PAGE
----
U.S. defense planners may therefore need a third option — finding clever ways to balance presence and warfighting missions on the cheap. The United States could, for example, dedicate a small, manageable portion of the Army and Marine Corps — perhaps a brigade- and battalion-equivalent respectively — to permanent focus on training, engagement, and partner development missions. An infantry company could be deployed to a specific nation over a long period, for example, to develop deep linguistic and cultural skills and build personal relationships. The Army could form one or more “cadre” brigades composed of noncommissioned and commissioned officers, which could be used for training missions in peacetime, and as the foundation for more rapid mobilization of additional brigades in case of major war.

Services could reform development and promotion policies to allow enlisted members and officers alike to hone the skills and experiences most aligned to presence missions without career penalty. All of them, but especially the Army, could find more creative ways to meet commitments for the presence mission — building on the National Guard’s successful state partnership program which pairs Guard units in particular states with foreign militaries. The Defense Department could continue to beg, urge, and demand friends and allies to do more, both for their own security (to ease our warfighting requirements) and to help with presence missions in third countries. It could accelerate efforts to build rigorous operational concepts for a range of presence-oriented missions.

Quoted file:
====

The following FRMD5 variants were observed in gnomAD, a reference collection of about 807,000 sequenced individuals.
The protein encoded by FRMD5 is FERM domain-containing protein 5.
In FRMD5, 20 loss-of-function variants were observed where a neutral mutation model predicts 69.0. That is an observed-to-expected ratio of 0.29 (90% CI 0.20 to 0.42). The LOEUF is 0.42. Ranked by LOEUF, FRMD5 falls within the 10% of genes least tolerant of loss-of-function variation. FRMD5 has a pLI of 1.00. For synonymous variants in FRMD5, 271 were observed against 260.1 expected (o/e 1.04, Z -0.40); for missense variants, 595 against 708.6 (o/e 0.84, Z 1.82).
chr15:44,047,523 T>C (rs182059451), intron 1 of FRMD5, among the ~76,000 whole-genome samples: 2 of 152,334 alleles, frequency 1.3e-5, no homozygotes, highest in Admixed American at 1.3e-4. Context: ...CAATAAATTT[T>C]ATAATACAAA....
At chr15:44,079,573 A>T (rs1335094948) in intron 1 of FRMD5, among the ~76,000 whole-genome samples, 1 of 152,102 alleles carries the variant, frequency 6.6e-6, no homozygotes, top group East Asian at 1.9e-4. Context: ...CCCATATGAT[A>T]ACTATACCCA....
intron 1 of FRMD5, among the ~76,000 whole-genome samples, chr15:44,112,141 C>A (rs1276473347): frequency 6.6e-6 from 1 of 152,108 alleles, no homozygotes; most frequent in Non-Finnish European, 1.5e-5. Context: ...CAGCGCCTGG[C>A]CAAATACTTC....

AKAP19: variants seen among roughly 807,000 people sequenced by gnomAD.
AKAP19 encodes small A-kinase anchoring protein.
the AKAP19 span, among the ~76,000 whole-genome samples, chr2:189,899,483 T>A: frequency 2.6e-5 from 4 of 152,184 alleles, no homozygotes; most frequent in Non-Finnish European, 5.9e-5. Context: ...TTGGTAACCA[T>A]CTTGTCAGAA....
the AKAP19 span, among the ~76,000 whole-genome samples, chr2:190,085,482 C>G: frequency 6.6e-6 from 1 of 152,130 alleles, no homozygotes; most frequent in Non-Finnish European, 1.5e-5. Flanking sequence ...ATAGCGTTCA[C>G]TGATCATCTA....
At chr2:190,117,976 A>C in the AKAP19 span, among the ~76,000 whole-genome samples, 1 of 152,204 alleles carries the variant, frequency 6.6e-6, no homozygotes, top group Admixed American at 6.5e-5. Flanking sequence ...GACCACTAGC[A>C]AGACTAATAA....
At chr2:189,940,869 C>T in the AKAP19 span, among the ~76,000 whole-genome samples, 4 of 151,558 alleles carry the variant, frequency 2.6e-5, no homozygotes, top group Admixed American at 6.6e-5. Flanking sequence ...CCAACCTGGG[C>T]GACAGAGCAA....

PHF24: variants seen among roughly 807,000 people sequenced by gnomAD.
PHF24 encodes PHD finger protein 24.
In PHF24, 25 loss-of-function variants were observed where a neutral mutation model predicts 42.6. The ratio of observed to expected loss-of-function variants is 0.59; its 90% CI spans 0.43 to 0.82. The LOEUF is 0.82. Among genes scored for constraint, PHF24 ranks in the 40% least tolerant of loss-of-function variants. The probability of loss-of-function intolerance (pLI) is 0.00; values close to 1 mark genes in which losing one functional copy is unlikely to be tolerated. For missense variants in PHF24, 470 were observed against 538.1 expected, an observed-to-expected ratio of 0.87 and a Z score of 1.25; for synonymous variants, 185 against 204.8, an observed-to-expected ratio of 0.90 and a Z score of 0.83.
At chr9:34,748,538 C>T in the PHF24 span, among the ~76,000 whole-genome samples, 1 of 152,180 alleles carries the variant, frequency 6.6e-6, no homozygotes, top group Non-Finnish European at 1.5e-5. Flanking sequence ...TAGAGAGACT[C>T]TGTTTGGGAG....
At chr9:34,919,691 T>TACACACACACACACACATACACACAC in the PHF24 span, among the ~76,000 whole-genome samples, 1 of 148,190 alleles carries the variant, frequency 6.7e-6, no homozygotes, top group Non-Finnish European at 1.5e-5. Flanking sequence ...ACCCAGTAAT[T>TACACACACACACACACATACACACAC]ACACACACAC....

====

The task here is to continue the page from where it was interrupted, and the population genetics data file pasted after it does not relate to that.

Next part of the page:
None of these steps alone would resolve the growing tension between presence and warfighting. Taken together, an agenda like this might make some difference. But just as important as any policy proposal is the more general need to take seriously the problem — to stop thinking of presence as merely a “lesser included” part of warfighting, and understand the tradeoffs between the two tasks. Striking this balance in the best way possible will be one of the most important — and vexing — priorities for defense policy over the coming decade.


Michael J. Mazarr is an associate director of RAND Arroyo Center’s Strategy, Doctrine, and Resources Program, and a senior political scientist at the RAND Corporation.


Image: U.S. Army photo by Pfc. Daniel Parrott